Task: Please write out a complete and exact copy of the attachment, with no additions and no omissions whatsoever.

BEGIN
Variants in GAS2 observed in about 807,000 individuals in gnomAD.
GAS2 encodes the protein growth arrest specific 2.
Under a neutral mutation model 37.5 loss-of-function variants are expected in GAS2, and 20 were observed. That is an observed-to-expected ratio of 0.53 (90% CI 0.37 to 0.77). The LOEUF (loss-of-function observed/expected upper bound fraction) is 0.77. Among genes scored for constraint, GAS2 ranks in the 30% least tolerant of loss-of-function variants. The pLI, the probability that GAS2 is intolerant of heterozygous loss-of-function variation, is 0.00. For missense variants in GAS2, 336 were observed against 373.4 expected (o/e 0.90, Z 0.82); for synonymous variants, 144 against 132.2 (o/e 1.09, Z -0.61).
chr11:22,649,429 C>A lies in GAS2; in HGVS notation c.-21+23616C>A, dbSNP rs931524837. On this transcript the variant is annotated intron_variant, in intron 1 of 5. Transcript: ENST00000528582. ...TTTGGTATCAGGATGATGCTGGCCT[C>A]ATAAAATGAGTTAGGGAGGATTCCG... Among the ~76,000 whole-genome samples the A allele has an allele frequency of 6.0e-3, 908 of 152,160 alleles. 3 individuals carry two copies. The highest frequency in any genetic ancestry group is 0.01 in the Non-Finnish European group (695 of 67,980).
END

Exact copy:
Variants in GAS2 observed in about 807,000 individuals in gnomAD.
GAS2 encodes the protein growth arrest specific 2.
Under a neutral mutation model 37.5 loss-of-function variants are expected in GAS2, and 20 were observed. That is an observed-to-expected ratio of 0.53 (90% CI 0.37 to 0.77). The LOEUF (loss-of-function observed/expected upper bound fraction) is 0.77. Among genes scored for constraint, GAS2 ranks in the 30% least tolerant of loss-of-function variants. The pLI, the probability that GAS2 is intolerant of heterozygous loss-of-function variation, is 0.00. For missense variants in GAS2, 336 were observed against 373.4 expected (o/e 0.90, Z 0.82); for synonymous variants, 144 against 132.2 (o/e 1.09, Z -0.61).
chr11:22,649,429 C>A lies in GAS2; in HGVS notation c.-21+23616C>A, dbSNP rs931524837. On this transcript the variant is annotated intron_variant, in intron 1 of 5. Transcript: ENST00000528582. ...TTTGGTATCAGGATGATGCTGGCCT[C>A]ATAAAATGAGTTAGGGAGGATTCCG... Among the ~76,000 whole-genome samples the A allele has an allele frequency of 6.0e-3, 908 of 152,160 alleles. 3 individuals carry two copies. The highest frequency in any genetic ancestry group is 0.01 in the Non-Finnish European group (695 of 67,980).